Scammy Spammy Text Messages Getting You Down?


We support reforms to the financial marketplace that protect consumers from unscrupulous banks and lenders.

By Consumers Union on Friday, February 28th, 2014

By special guest blogger Caitlin Watkins

Text message scams are crafted to get people to tell scam artists their personal information. To do so, they tempt you with offers and enticing rewards, but don’t be fooled by the promise of money and free vacations. Spam can slow your cell phone connection, add charges to your phone bill, and put you at risk for identity theft.


The Federal Trade Commission (FTC) is cracking down on text message scam by charging  twelve defendants under two groups of companies who are guilty of spamming consumers via text messages. They are required to pay a $2.5 million fine and banned from these deceptive practices completely.


These companies hired spammers to send millions of unsolicited text messages stating that the recipient had won free gift cards. When the link in the message is clicked, it brings the consumer to a website that asks for your personal information. Unfortunately, no one ever received the free gift cards, and instead, people were scammed into handing over personal confidential information which was then sold to third party vendors. We are glad that the FTC is stepping up to protect consumers personal information.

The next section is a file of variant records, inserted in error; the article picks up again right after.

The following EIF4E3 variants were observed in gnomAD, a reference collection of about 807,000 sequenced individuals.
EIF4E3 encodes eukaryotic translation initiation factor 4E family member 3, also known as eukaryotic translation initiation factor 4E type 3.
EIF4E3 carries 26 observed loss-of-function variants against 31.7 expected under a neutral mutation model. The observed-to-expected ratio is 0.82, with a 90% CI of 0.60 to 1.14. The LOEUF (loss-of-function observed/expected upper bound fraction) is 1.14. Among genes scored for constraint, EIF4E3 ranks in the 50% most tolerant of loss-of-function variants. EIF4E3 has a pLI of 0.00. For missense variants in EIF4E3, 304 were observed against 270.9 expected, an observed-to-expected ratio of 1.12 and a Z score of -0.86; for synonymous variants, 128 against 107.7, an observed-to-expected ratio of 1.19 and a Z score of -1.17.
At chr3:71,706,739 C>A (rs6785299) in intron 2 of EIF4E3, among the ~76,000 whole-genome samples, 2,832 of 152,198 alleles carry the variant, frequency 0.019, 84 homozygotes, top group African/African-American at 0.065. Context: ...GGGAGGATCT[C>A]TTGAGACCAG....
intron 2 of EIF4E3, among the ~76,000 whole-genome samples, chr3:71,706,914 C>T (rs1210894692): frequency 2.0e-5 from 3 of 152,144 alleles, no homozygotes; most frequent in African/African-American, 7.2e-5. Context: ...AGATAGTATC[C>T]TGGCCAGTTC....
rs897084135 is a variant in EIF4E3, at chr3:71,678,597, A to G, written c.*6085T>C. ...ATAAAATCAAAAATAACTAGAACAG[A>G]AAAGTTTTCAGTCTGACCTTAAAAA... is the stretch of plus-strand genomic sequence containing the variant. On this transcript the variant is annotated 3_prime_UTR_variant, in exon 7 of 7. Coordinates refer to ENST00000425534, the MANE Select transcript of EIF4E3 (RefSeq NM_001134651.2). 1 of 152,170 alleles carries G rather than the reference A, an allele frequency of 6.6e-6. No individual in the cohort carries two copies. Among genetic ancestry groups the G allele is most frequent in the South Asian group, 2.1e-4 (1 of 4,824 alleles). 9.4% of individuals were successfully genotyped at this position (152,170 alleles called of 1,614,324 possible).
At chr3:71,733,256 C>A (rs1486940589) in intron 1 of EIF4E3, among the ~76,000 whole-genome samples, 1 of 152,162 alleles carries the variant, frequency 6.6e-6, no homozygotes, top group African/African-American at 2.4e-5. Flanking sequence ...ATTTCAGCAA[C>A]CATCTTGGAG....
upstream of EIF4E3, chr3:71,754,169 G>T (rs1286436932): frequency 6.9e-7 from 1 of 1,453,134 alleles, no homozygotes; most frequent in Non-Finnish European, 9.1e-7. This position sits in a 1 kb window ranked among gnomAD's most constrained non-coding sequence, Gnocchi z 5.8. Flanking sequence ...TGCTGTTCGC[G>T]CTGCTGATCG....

Here’s how to avoid those pesky text message scams yourself, according to the FTC:

  • Even though it may seem like your lucky day, DO NOT REPLY to these text messages. Most importantly, DO NOT CLICK on the links in the message. This could install malware onto your device.

  • Delete the text messages asking you to confirm or provide personal information.

  • Hold your personal confidential information close! Do not give them out to anyone, especially in a text message.

  • Add your cell phone number to the National Do Not Call Registry.

  • If you keep receiving text message spam, you can file a complaint at the Do No Not Call Registry, with the FTC, or with the Federal Communications Commission (FCC)

  • If you are an AT&T, T-Mobile, Verizon, Sprint or Bell subscriber, you can report spam texts to your carrier by copying the original message and forwarding it to the number 7726 (SPAM), free of charge.

  • Review your cell phone bill for unauthorized charges, and report them to your carrier.

Have you ever gotten a spammy scammy text message? Share your story with us here!


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